Russian President Vladimir Putin has said peace with Ukraine will only take place “when we achieve our objectives”.
He was fielding questions from journalists and ordinary Russians in his first marathon news conference since the full-scale invasion of Ukraine began in February 2022.
Much of the largely choreographed event focused on what he calls the “special military operation in Ukraine”.
He insisted the situation was improving throughout the front line.
The “direct line” programme, televised for more than four hours by most major channels, began with President Putin telling Russians: “The existence of our country without sovereignty is impossible. It will simply not exist.”
He added that Russia’s economy was strong for a time of war and the topic of conversation quickly moved to Ukraine.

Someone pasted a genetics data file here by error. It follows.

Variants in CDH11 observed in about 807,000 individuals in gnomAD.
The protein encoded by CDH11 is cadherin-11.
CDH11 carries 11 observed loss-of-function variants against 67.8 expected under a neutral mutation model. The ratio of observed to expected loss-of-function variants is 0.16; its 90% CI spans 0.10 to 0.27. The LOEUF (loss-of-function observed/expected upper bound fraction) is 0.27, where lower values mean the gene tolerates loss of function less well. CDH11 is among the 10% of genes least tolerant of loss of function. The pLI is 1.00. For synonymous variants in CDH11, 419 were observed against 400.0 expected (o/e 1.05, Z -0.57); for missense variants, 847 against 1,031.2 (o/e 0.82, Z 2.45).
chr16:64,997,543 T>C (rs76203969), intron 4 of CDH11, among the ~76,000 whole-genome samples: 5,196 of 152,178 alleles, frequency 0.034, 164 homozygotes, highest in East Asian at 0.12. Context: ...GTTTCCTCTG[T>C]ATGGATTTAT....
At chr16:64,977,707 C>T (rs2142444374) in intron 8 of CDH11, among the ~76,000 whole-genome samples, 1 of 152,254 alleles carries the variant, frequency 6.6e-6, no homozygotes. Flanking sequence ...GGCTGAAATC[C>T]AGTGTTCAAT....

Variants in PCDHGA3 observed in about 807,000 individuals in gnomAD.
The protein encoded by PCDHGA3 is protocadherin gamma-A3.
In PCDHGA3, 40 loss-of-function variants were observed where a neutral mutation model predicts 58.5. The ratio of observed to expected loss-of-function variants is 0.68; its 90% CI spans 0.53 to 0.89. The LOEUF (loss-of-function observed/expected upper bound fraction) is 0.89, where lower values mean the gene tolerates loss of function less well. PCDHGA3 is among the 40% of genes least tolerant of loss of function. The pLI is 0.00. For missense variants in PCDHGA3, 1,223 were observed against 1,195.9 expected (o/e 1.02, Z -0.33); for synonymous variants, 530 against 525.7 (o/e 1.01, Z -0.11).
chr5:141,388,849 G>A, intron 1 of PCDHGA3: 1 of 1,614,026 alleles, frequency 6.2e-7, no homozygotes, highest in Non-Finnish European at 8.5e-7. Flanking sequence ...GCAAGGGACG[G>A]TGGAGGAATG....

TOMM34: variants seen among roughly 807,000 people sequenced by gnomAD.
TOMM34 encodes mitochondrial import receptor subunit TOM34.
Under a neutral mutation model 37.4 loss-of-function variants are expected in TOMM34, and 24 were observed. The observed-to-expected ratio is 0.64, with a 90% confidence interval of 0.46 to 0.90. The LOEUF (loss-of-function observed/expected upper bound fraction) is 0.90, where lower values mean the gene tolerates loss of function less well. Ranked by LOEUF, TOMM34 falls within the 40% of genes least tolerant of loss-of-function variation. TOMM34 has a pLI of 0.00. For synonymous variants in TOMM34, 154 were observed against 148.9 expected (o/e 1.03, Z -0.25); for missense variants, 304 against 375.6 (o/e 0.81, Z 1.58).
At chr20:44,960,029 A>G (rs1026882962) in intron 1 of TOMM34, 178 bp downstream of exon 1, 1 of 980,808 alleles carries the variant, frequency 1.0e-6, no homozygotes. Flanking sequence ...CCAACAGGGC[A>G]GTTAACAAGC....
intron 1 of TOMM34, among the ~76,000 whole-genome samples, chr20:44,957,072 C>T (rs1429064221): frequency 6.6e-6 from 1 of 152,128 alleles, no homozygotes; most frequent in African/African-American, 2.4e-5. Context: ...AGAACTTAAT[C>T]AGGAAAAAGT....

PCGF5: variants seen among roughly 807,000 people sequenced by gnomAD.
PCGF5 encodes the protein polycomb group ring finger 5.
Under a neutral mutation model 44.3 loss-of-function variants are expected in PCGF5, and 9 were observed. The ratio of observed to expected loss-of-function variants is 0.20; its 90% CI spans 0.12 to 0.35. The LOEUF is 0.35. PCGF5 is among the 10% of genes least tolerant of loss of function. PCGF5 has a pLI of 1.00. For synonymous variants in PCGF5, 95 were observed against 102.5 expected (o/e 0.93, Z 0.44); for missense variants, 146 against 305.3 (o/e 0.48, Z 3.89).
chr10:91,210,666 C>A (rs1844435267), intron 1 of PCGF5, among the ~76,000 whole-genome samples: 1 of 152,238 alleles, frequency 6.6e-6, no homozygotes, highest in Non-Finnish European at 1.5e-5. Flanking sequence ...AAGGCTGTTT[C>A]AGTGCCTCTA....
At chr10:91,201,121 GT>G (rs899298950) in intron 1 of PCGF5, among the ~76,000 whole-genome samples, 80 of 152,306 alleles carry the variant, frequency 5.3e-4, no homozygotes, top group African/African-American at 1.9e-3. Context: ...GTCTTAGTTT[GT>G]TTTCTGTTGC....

‘617,000 Russians fighting in Ukraine’
Mr Putin said that “there will be peace [in Ukraine] when we achieve our objectives”. Those “objectives do not change”, he said, listing “denazification, demilitarisation and its neutral status”. These are themes he has highlighted from the start of the war.
At one point he revealed that Russia currently has a total of 617,000 troops fighting in Ukraine. He also claimed that on top of 300,000 people called up for service last year, another 486,000 have signed up voluntarily as contract soldiers.
“The stream of our men who are ready to defend the interests of the homeland with weapons in their hands is not diminishing,” he said. “Altogether there will be just under half a million men by the end of this year. Why do we need a mobilisation?”
He gave no number of military losses, but disclosed that children of people within his “close” circle have fought for so-called private military companies, and a number of people “close to me” have died.
A classified US intelligence report estimated this week that 315,000 Russian soldiers had been either killed or wounded since the war began – which it said was almost 90% of Russia’s military personnel at the start of the invasion.